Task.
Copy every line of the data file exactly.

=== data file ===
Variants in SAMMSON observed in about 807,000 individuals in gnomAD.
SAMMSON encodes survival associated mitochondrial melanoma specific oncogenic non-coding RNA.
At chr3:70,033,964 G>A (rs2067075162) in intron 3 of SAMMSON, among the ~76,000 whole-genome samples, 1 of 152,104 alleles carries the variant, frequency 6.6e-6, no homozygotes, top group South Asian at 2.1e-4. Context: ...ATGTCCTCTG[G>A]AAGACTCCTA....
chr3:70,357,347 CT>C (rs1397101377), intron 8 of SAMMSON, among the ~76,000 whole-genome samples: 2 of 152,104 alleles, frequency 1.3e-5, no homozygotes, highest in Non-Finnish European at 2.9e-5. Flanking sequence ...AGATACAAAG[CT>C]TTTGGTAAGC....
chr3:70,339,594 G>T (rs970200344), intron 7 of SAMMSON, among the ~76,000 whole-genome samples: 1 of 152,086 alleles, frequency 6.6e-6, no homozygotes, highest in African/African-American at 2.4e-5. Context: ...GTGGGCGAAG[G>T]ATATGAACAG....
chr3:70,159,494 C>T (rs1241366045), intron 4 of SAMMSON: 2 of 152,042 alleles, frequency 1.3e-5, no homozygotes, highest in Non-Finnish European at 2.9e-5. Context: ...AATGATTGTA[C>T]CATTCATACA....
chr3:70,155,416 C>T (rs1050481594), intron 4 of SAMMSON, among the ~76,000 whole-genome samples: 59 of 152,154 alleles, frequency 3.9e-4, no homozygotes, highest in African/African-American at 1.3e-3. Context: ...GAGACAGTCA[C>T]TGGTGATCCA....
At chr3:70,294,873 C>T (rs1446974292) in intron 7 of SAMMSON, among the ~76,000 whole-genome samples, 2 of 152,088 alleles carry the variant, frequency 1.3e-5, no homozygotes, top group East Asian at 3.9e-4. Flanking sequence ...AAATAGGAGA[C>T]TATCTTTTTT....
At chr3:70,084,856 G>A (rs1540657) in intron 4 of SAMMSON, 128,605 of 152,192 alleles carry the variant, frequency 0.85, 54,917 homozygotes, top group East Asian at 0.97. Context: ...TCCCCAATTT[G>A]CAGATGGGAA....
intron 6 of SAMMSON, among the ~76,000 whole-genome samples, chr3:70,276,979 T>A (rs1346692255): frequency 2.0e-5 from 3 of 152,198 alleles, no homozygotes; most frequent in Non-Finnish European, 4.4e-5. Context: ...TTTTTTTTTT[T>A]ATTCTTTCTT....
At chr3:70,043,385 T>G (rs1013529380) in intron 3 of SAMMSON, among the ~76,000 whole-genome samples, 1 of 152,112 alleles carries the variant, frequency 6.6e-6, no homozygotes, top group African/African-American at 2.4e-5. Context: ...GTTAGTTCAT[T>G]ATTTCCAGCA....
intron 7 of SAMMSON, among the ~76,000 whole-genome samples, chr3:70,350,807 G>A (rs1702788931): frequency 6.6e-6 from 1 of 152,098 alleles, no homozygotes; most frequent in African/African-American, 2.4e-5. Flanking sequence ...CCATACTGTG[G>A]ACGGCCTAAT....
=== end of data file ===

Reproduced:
Variants in SAMMSON observed in about 807,000 individuals in gnomAD.
SAMMSON encodes survival associated mitochondrial melanoma specific oncogenic non-coding RNA.
At chr3:70,033,964 G>A (rs2067075162) in intron 3 of SAMMSON, among the ~76,000 whole-genome samples, 1 of 152,104 alleles carries the variant, frequency 6.6e-6, no homozygotes, top group South Asian at 2.1e-4. Context: ...ATGTCCTCTG[G>A]AAGACTCCTA....
chr3:70,357,347 CT>C (rs1397101377), intron 8 of SAMMSON, among the ~76,000 whole-genome samples: 2 of 152,104 alleles, frequency 1.3e-5, no homozygotes, highest in Non-Finnish European at 2.9e-5. Flanking sequence ...AGATACAAAG[CT>C]TTTGGTAAGC....
chr3:70,339,594 G>T (rs970200344), intron 7 of SAMMSON, among the ~76,000 whole-genome samples: 1 of 152,086 alleles, frequency 6.6e-6, no homozygotes, highest in African/African-American at 2.4e-5. Context: ...GTGGGCGAAG[G>T]ATATGAACAG....
chr3:70,159,494 C>T (rs1241366045), intron 4 of SAMMSON: 2 of 152,042 alleles, frequency 1.3e-5, no homozygotes, highest in Non-Finnish European at 2.9e-5. Context: ...AATGATTGTA[C>T]CATTCATACA....
chr3:70,155,416 C>T (rs1050481594), intron 4 of SAMMSON, among the ~76,000 whole-genome samples: 59 of 152,154 alleles, frequency 3.9e-4, no homozygotes, highest in African/African-American at 1.3e-3. Context: ...GAGACAGTCA[C>T]TGGTGATCCA....
At chr3:70,294,873 C>T (rs1446974292) in intron 7 of SAMMSON, among the ~76,000 whole-genome samples, 2 of 152,088 alleles carry the variant, frequency 1.3e-5, no homozygotes, top group East Asian at 3.9e-4. Flanking sequence ...AAATAGGAGA[C>T]TATCTTTTTT....
At chr3:70,084,856 G>A (rs1540657) in intron 4 of SAMMSON, 128,605 of 152,192 alleles carry the variant, frequency 0.85, 54,917 homozygotes, top group East Asian at 0.97. Context: ...TCCCCAATTT[G>A]CAGATGGGAA....
intron 6 of SAMMSON, among the ~76,000 whole-genome samples, chr3:70,276,979 T>A (rs1346692255): frequency 2.0e-5 from 3 of 152,198 alleles, no homozygotes; most frequent in Non-Finnish European, 4.4e-5. Context: ...TTTTTTTTTT[T>A]ATTCTTTCTT....
At chr3:70,043,385 T>G (rs1013529380) in intron 3 of SAMMSON, among the ~76,000 whole-genome samples, 1 of 152,112 alleles carries the variant, frequency 6.6e-6, no homozygotes, top group African/African-American at 2.4e-5. Context: ...GTTAGTTCAT[T>G]ATTTCCAGCA....
intron 7 of SAMMSON, among the ~76,000 whole-genome samples, chr3:70,350,807 G>A (rs1702788931): frequency 6.6e-6 from 1 of 152,098 alleles, no homozygotes; most frequent in African/African-American, 2.4e-5. Flanking sequence ...CCATACTGTG[G>A]ACGGCCTAAT....